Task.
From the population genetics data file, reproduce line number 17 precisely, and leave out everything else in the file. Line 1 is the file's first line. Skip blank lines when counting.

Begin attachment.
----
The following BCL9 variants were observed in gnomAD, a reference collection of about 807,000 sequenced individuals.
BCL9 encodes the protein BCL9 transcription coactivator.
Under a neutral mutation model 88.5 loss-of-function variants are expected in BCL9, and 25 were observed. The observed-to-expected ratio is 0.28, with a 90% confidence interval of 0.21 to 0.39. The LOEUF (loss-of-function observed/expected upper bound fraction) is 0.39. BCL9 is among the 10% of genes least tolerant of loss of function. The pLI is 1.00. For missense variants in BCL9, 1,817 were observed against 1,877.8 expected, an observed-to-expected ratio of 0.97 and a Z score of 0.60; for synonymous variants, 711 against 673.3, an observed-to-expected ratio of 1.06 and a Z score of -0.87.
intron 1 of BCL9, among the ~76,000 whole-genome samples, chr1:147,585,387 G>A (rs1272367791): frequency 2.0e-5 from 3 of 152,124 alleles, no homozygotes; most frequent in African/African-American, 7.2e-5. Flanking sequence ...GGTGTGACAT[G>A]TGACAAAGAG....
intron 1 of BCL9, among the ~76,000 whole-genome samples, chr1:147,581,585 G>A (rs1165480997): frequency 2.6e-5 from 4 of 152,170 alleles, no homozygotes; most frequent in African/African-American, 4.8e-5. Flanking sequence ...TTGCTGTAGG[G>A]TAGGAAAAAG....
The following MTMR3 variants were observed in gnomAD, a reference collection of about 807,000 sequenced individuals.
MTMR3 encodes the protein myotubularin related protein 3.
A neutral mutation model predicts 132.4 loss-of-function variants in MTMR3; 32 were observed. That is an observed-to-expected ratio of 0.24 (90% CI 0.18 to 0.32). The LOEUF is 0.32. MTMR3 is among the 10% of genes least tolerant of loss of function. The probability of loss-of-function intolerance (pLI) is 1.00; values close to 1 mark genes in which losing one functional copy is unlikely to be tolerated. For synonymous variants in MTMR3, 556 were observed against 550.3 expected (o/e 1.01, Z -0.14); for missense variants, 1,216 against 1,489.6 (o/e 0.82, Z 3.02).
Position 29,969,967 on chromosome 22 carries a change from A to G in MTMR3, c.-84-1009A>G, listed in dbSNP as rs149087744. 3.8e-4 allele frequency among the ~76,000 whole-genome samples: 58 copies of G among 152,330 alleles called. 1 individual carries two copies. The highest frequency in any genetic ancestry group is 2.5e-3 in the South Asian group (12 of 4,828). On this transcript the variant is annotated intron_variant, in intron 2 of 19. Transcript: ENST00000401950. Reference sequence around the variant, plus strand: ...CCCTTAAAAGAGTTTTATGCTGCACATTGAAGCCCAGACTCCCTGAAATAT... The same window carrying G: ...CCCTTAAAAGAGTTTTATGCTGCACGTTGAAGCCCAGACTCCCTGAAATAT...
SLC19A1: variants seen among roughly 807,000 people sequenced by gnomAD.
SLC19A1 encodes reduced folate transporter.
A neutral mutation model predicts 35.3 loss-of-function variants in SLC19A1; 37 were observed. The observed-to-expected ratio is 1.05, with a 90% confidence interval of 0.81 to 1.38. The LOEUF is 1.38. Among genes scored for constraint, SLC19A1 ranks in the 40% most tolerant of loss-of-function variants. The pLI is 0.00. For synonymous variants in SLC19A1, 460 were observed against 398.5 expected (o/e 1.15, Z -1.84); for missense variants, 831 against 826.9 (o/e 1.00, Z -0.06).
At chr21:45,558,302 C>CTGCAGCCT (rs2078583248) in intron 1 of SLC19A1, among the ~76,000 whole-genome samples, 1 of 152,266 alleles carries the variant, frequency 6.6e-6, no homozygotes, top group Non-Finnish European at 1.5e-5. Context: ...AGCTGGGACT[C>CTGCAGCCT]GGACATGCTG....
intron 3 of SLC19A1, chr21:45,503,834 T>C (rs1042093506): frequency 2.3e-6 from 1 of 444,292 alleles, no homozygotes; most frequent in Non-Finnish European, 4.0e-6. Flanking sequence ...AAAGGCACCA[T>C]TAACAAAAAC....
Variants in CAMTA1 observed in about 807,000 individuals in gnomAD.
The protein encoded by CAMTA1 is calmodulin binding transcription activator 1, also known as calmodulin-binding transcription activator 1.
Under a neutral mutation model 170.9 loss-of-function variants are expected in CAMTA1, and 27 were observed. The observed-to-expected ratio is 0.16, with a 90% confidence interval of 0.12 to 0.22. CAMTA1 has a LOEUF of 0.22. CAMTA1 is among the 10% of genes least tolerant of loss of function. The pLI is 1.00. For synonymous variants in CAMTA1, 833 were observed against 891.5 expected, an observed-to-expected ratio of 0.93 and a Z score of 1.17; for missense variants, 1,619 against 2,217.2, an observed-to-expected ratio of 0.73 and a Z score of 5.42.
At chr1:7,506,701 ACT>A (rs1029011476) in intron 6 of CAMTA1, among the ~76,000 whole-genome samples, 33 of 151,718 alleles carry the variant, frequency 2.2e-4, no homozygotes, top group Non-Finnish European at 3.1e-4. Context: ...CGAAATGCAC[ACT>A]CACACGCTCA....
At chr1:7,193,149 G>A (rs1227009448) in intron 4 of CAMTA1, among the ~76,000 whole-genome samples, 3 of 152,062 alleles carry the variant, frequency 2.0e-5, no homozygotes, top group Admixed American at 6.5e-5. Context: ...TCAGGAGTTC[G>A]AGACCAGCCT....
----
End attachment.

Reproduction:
Under a neutral mutation model 170.9 loss-of-function variants are expected in CAMTA1, and 27 were observed. The observed-to-expected ratio is 0.16, with a 90% confidence interval of 0.12 to 0.22. CAMTA1 has a LOEUF of 0.22. CAMTA1 is among the 10% of genes least tolerant of loss of function. The pLI is 1.00. For synonymous variants in CAMTA1, 833 were observed against 891.5 expected, an observed-to-expected ratio of 0.93 and a Z score of 1.17; for missense variants, 1,619 against 2,217.2, an observed-to-expected ratio of 0.73 and a Z score of 5.42.